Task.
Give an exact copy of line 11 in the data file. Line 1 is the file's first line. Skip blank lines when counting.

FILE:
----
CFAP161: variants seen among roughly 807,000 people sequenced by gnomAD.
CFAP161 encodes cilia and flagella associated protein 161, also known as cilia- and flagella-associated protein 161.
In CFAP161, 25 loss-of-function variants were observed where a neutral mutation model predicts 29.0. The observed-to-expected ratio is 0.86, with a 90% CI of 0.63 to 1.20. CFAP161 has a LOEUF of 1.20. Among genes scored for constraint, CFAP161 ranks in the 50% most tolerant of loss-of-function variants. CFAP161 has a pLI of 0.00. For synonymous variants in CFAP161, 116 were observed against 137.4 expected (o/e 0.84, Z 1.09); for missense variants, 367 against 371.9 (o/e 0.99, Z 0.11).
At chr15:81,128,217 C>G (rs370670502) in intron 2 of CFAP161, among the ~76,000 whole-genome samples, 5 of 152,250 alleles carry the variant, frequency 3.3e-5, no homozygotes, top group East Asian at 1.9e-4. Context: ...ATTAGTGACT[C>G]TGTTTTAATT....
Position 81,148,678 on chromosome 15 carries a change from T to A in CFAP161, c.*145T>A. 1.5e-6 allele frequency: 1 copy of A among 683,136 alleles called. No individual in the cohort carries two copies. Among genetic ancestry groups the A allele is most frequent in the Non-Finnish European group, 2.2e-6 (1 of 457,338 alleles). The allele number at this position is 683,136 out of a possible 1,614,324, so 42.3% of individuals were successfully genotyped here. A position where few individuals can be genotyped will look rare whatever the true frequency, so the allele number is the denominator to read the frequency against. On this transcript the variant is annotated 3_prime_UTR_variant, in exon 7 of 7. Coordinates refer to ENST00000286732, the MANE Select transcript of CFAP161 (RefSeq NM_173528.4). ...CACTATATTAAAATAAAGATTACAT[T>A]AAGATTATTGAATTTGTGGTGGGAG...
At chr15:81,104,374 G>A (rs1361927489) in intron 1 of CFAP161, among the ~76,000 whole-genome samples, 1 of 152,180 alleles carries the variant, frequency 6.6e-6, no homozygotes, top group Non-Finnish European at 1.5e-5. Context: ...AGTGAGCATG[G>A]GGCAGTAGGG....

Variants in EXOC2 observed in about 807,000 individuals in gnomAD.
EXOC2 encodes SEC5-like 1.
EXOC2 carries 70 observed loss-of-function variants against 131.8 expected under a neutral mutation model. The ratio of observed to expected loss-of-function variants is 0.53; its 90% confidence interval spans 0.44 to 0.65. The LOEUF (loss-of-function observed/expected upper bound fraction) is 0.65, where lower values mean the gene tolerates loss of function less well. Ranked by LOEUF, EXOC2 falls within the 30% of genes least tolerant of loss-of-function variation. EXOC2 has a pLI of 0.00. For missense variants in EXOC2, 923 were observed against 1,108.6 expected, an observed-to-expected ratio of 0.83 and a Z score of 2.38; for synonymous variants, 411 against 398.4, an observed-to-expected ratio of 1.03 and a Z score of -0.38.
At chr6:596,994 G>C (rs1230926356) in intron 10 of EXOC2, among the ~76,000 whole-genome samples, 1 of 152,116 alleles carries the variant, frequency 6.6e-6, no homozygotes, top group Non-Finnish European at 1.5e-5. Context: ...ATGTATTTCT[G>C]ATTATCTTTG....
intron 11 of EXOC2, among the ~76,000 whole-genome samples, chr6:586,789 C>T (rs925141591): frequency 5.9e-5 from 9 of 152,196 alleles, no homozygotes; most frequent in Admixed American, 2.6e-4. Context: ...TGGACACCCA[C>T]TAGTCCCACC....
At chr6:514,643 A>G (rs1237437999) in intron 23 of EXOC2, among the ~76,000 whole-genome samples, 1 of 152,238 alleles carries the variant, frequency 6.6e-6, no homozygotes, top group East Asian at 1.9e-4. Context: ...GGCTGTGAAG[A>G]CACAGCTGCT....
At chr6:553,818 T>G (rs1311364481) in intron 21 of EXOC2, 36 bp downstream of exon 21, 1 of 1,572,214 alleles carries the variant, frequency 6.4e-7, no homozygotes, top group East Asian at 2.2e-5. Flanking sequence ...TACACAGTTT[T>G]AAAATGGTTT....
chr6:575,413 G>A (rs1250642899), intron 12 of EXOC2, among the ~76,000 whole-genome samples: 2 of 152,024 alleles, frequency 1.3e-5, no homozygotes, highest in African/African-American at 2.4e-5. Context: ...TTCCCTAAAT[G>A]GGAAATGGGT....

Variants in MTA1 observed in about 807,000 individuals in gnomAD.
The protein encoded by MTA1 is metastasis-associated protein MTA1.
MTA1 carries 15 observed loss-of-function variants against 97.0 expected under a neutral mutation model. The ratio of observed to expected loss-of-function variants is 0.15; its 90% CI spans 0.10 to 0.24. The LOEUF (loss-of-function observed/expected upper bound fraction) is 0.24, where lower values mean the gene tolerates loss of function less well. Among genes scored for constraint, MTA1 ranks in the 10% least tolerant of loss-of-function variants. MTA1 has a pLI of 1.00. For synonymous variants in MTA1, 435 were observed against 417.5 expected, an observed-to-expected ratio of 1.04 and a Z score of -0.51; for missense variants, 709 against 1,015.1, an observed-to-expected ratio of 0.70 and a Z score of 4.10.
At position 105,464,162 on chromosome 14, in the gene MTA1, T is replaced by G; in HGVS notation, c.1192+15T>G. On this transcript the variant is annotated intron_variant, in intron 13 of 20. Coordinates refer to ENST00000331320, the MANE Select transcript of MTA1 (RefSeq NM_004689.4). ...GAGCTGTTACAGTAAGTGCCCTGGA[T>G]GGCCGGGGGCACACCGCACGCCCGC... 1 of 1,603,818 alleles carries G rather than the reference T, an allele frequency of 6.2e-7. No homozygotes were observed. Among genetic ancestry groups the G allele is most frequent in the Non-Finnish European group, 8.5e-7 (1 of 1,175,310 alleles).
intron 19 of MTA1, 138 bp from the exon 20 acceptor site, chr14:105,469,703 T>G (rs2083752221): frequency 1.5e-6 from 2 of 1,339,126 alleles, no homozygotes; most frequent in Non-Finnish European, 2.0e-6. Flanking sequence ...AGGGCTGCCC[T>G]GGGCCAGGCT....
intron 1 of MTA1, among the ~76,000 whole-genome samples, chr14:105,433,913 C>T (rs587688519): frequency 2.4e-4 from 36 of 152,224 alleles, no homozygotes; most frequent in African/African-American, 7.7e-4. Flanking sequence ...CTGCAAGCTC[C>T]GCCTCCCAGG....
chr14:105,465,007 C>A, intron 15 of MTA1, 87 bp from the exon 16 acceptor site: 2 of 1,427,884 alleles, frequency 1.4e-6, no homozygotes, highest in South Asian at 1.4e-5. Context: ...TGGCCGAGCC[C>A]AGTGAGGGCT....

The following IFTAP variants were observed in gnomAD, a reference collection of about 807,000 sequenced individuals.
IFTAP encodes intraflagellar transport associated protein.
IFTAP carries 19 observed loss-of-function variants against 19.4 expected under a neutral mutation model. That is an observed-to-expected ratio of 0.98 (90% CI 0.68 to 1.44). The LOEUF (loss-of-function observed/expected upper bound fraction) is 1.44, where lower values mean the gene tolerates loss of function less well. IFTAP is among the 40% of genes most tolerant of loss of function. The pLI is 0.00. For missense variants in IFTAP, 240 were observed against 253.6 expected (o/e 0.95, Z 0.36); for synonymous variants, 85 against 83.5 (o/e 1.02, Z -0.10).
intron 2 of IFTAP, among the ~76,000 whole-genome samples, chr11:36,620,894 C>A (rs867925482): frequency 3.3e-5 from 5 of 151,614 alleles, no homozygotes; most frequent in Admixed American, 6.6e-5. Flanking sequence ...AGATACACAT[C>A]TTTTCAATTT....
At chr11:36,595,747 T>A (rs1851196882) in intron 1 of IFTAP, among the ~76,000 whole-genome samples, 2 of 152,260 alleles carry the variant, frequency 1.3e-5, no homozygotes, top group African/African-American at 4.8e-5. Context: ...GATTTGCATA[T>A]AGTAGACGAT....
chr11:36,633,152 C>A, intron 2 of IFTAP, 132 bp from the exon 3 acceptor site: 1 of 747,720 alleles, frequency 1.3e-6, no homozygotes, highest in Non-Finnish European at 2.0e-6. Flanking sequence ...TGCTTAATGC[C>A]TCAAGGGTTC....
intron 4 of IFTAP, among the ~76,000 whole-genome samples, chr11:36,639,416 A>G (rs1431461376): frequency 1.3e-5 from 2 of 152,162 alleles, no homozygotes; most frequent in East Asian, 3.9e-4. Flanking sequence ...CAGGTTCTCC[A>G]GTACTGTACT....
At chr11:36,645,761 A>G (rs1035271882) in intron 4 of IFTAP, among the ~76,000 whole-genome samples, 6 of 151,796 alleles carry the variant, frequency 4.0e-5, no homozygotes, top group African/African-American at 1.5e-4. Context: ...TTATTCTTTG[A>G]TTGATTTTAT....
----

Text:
intron 11 of EXOC2, among the ~76,000 whole-genome samples, chr6:586,789 C>T (rs925141591): frequency 5.9e-5 from 9 of 152,196 alleles, no homozygotes; most frequent in Admixed American, 2.6e-4. Context: ...TGGACACCCA[C>T]TAGTCCCACC....